It has been more than seven years ago since Montgomery Gentry showed up on country radio with "Hillbilly Shoes," a hard-rocking single that caused a lot of radio programmers to keep it off the air.
The single has become a staple of a Montgomery Gentry show today, but in 1999, it only made it to No. 13 on the country charts.
"Our music has always been less radio-friendly. We've always kind of stepped outside of the lines," Eddie Montgomery said. "Sometimes when we first came out, people might have been a little scared to play us. They were asking themselves, 'Is this style going to hang around?' We've been lucky enough to have hard-core friends stick with us, and we've got a lot of friends in radioland."
"Friends" is Montgomery Gentry speak for fans. Montgomery and his pal, Troy Gentry, never refer to them as fans. Montgomery Gentry is known for post-show parties on its bus or hopping on a golf cart and driving around festival grounds to check out what their "friends" are up to.
"We've never been the kind of artist that just stays on our bus. We've always been very open. We'll sit down and drink some iced tea with someone, or we'll have some champagne," Montgomery said.
Now they're waiting for album number six to hit stores on Tuesday. "Some People Change," the title track, is the first single off the album.
They're also in the midst of a headlining tour featuring the Wreckers and Phil Vassar. They'll be in Chicago tonight, but tomorrow the Jim Beam buses carrying Eddie, Troy, and their band will be rolling into Toledo for a
7:30 p.m. show at the SeaGate Convention Centre.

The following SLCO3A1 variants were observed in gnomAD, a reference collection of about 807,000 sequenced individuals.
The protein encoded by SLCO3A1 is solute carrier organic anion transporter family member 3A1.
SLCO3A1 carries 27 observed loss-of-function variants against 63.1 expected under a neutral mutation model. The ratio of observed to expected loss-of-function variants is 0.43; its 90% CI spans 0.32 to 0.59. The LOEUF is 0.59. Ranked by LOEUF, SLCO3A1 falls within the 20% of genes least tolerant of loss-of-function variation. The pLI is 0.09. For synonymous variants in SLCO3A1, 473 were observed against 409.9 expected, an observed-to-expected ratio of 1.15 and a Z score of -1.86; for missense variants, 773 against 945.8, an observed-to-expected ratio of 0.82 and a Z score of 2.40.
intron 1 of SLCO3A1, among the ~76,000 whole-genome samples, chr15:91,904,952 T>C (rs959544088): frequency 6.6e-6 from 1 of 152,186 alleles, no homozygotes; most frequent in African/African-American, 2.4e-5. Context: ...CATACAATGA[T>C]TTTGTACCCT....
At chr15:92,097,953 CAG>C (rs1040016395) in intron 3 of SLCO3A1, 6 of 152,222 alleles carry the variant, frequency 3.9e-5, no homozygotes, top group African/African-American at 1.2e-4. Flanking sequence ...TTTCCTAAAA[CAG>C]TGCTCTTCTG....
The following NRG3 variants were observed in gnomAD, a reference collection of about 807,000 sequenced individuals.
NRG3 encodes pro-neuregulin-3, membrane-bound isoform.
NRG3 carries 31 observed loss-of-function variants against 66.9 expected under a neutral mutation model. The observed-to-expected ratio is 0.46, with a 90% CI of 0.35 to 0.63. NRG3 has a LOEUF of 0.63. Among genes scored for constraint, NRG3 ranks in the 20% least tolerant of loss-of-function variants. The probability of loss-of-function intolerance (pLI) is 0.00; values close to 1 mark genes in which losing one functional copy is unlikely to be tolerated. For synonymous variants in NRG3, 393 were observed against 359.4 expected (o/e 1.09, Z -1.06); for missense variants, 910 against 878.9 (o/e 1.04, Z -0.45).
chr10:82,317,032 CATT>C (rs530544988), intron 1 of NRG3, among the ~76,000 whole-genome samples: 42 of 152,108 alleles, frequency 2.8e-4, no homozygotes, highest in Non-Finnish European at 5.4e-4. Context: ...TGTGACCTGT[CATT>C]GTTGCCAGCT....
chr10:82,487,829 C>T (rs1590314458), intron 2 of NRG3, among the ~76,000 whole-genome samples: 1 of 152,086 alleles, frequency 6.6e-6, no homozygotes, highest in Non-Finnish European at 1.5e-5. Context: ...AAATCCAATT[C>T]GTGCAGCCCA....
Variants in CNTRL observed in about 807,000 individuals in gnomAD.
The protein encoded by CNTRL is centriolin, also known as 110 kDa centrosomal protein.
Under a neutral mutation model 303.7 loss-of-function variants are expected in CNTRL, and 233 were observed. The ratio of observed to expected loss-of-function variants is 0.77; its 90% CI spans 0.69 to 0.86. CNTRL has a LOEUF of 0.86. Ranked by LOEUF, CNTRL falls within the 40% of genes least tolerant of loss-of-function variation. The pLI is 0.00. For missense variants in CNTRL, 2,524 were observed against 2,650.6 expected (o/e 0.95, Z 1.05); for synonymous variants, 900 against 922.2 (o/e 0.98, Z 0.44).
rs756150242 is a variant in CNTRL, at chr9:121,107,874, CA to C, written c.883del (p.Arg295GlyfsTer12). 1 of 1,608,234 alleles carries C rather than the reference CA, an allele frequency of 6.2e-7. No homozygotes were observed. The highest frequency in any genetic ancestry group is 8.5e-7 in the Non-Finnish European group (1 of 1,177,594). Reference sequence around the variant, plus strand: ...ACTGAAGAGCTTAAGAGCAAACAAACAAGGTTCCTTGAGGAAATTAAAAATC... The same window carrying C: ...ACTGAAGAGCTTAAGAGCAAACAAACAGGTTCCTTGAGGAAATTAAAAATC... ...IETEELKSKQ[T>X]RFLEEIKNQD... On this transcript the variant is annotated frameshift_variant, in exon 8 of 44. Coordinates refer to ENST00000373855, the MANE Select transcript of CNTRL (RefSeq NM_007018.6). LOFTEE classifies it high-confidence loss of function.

"We wanted a high-energy show, and we're a big fan of Phil's. Anyone who's seen Phil in concert, he's unbelievable. And the Wreckers are unbelievable. For the guys out there, they're pretty easy on the eyes too," Montgomery said with a mischievous chuckle.
Montgomery Gentry's set list includes hits like "Daddy Won't Sell the Farm," "She Couldn't Change Me," "Gone," "Cold One Coming On," "My Town," "If You Ever Stop Loving Me," and "Something to Be Proud Of," but the Kentucky natives are also incorporating some of the songs off of the new album.
"We're really excited about the new stuff. It took us about a year and a half to put it together. This album is a little more personal than the rest. People who have heard it tell us it's the best we've done," Montgomery said.
The album includes "If You Wanna Keep an Angel," which Gentry wrote about his wife.
The project also includes "Clouds," written by Montgomery about his father and son.
"I lost my dad in 1994, and I lost my son in an accident in 1991. I've never talked about it before or wrote a song about it. One day I happened to be at [songwriter] Jeffrey Steele's place, on the front porch, and these lyrics were rolling around in my head. I told Jeffrey the story about it, and we wrote it in about five to eight minutes. I really didn't want to put it on the album. I wanted to pitch it to an R&B artist like Mary Blige, but my label heard it, and they said, 'You've got to put this song on the album.'•"
Montgomery Gentry, along with guests Phil Vassar and The Wreckers, will be in concert at the SeaGate Convention Centre tomorrow at 7:30 p.m. Tickets are $28.75 and can be purchased at the SeaGate box office, the box office phone at 419-321-5007, all Ticketmaster outlets, or by phone at 419-474-1313.
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